However, key documents include:
Children and adults services
- National Standards for Appropriate Adult Schemes (NAAN, 2018)
- Expectations for police custody: Criteria for assessing the treatment of and conditions for detainees in police custody (HMICFRS / HMIP, 2016)
- The Bradley Report (2009)
- A joint inspection of the treatment of offenders with learning disabilities within the criminal justice system – phase one (CJJI, 2014)
- The Bradley Report five years on (Centre for Mental Health, 2014)
- There to Help: Ensuring provision of appropriate adults for mentally vulnerable adults detained or interviewed by police (NAAN, 2015)
- Appropriate adult PCC-local authority partnership agreement: England (Home Office, 2018)
- There to Help 2: Ensuring provision of appropriate adults for vulnerable adults detained or interviewed by police: An update on progress 2013/14 to 2017/18 (NAAN, 2019)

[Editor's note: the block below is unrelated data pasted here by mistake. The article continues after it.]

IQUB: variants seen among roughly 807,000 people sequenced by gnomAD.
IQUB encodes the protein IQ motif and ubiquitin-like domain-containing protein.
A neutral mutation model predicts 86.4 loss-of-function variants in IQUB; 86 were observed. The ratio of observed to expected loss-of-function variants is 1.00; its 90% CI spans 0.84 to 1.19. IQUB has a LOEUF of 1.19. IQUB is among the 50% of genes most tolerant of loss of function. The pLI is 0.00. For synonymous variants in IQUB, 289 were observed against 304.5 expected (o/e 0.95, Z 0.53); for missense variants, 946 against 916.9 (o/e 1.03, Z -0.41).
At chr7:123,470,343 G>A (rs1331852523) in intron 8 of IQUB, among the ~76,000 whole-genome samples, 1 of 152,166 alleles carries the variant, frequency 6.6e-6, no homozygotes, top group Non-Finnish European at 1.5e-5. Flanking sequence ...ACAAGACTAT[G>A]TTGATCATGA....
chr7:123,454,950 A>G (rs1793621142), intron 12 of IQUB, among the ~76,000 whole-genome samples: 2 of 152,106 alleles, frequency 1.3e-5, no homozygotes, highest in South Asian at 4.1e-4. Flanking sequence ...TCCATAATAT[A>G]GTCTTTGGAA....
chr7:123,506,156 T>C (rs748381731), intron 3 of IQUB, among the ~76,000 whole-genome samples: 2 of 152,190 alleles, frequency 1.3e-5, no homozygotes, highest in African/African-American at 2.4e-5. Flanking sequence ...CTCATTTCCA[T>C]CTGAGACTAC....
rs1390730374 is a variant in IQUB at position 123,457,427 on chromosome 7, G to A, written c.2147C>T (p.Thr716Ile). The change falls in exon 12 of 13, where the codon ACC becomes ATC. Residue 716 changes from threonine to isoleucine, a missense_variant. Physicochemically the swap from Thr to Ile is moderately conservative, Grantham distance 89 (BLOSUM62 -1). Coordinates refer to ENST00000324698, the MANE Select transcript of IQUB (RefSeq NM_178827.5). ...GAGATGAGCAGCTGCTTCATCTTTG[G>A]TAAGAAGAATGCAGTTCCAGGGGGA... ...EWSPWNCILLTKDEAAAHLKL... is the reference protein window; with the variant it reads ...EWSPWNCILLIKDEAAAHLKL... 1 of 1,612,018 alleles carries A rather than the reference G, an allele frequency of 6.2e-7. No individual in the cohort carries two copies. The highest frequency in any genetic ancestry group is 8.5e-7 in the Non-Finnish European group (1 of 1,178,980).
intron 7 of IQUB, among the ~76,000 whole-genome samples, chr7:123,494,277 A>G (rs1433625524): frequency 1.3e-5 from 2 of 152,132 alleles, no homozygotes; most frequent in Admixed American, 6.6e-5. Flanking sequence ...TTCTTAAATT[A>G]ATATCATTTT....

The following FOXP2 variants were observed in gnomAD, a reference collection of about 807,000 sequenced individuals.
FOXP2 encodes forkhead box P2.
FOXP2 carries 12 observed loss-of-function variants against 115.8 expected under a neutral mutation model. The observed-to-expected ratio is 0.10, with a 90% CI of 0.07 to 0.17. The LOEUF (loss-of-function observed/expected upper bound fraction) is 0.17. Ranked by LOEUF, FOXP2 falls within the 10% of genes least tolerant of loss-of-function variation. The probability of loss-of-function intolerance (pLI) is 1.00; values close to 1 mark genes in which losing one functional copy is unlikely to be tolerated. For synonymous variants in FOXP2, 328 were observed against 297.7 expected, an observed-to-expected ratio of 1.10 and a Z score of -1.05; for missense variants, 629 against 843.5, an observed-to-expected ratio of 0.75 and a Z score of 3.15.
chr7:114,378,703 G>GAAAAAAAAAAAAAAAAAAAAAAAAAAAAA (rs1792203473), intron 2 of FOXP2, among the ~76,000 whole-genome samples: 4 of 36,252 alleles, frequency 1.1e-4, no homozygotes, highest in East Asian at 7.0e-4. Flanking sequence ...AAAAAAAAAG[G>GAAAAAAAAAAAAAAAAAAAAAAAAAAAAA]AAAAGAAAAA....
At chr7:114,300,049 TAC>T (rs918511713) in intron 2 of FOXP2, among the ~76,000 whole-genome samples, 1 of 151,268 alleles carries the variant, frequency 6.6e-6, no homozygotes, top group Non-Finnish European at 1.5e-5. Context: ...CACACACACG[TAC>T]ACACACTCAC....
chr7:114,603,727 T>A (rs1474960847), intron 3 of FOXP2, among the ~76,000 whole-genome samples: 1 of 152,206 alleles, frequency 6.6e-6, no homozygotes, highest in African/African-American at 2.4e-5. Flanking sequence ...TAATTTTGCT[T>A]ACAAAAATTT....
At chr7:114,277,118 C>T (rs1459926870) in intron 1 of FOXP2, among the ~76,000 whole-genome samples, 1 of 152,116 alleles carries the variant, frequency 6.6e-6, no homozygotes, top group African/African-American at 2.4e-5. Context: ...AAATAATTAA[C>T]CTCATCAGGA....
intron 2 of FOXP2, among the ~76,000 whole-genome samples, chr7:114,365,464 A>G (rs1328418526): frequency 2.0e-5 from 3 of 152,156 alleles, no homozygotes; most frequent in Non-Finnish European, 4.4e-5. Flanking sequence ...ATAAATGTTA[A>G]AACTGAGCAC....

- In ten years time (Revolving Doors Agency and Centre for Mental Health, 2019)
- Standards for children in the youth justice system 2019- see page 5 (MoJ and YJB, 2019)
- Appropriate adults: guide for youth justice professionals (YJB, 2014)
- Use out-of-court disposals: section 1 case management guidance - see 2.5 (YJB, 2014)
- Manage bail and remands: section 3 case management guidance (YJB, 2014)
- Who’s Looking Out for the Children? A Joint Inspection of Appropriate Adult Provision and Children in detention after Charge (CJJI, 2011)
- Thematic inspection recommendations to youth offending partnerships (YJB, 2015)